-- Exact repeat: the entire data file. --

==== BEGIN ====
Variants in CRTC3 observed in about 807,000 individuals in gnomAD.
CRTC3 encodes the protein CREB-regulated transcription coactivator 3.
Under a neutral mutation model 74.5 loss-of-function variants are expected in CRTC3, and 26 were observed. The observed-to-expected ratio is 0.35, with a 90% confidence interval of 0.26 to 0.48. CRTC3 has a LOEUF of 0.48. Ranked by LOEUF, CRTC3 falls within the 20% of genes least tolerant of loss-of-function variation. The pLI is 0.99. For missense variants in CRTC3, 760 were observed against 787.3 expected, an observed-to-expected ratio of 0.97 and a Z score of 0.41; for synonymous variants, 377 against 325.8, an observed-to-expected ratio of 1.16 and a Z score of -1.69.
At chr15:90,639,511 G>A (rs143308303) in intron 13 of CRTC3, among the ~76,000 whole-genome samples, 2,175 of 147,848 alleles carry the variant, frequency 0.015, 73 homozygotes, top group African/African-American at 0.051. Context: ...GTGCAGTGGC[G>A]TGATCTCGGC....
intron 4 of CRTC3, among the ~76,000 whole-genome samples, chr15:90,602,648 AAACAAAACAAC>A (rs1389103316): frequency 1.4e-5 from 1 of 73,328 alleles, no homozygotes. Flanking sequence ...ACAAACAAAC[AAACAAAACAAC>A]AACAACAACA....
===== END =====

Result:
Variants in CRTC3 observed in about 807,000 individuals in gnomAD.
CRTC3 encodes the protein CREB-regulated transcription coactivator 3.
Under a neutral mutation model 74.5 loss-of-function variants are expected in CRTC3, and 26 were observed. The observed-to-expected ratio is 0.35, with a 90% confidence interval of 0.26 to 0.48. CRTC3 has a LOEUF of 0.48. Ranked by LOEUF, CRTC3 falls within the 20% of genes least tolerant of loss-of-function variation. The pLI is 0.99. For missense variants in CRTC3, 760 were observed against 787.3 expected, an observed-to-expected ratio of 0.97 and a Z score of 0.41; for synonymous variants, 377 against 325.8, an observed-to-expected ratio of 1.16 and a Z score of -1.69.
At chr15:90,639,511 G>A (rs143308303) in intron 13 of CRTC3, among the ~76,000 whole-genome samples, 2,175 of 147,848 alleles carry the variant, frequency 0.015, 73 homozygotes, top group African/African-American at 0.051. Context: ...GTGCAGTGGC[G>A]TGATCTCGGC....
intron 4 of CRTC3, among the ~76,000 whole-genome samples, chr15:90,602,648 AAACAAAACAAC>A (rs1389103316): frequency 1.4e-5 from 1 of 73,328 alleles, no homozygotes. Flanking sequence ...ACAAACAAAC[AAACAAAACAAC>A]AACAACAACA....